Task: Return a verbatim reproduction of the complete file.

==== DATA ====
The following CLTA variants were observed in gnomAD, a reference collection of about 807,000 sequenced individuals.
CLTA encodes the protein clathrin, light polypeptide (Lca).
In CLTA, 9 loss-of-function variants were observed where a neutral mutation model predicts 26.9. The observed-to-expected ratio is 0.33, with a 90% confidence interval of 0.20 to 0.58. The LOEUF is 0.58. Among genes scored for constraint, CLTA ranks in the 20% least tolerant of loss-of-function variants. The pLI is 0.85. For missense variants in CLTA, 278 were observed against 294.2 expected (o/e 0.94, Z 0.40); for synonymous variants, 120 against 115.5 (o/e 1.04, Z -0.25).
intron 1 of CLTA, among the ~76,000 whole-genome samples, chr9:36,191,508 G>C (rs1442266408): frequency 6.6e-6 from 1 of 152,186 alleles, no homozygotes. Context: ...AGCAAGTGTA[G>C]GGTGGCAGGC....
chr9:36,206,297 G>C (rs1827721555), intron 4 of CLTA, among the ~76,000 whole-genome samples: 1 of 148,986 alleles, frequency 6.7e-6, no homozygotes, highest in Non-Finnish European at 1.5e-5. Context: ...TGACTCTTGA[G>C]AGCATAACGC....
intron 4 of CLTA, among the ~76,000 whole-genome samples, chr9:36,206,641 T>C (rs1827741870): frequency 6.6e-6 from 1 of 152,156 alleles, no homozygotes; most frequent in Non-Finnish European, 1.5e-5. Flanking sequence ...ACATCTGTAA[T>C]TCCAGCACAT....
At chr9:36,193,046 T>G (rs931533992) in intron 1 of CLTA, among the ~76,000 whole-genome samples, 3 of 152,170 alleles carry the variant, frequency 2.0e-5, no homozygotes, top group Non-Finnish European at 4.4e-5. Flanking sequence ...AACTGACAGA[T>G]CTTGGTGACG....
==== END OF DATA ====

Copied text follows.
The following CLTA variants were observed in gnomAD, a reference collection of about 807,000 sequenced individuals.
CLTA encodes the protein clathrin, light polypeptide (Lca).
In CLTA, 9 loss-of-function variants were observed where a neutral mutation model predicts 26.9. The observed-to-expected ratio is 0.33, with a 90% confidence interval of 0.20 to 0.58. The LOEUF is 0.58. Among genes scored for constraint, CLTA ranks in the 20% least tolerant of loss-of-function variants. The pLI is 0.85. For missense variants in CLTA, 278 were observed against 294.2 expected (o/e 0.94, Z 0.40); for synonymous variants, 120 against 115.5 (o/e 1.04, Z -0.25).
intron 1 of CLTA, among the ~76,000 whole-genome samples, chr9:36,191,508 G>C (rs1442266408): frequency 6.6e-6 from 1 of 152,186 alleles, no homozygotes. Context: ...AGCAAGTGTA[G>C]GGTGGCAGGC....
chr9:36,206,297 G>C (rs1827721555), intron 4 of CLTA, among the ~76,000 whole-genome samples: 1 of 148,986 alleles, frequency 6.7e-6, no homozygotes, highest in Non-Finnish European at 1.5e-5. Context: ...TGACTCTTGA[G>C]AGCATAACGC....
intron 4 of CLTA, among the ~76,000 whole-genome samples, chr9:36,206,641 T>C (rs1827741870): frequency 6.6e-6 from 1 of 152,156 alleles, no homozygotes; most frequent in Non-Finnish European, 1.5e-5. Flanking sequence ...ACATCTGTAA[T>C]TCCAGCACAT....
At chr9:36,193,046 T>G (rs931533992) in intron 1 of CLTA, among the ~76,000 whole-genome samples, 3 of 152,170 alleles carry the variant, frequency 2.0e-5, no homozygotes, top group Non-Finnish European at 4.4e-5. Flanking sequence ...AACTGACAGA[T>G]CTTGGTGACG....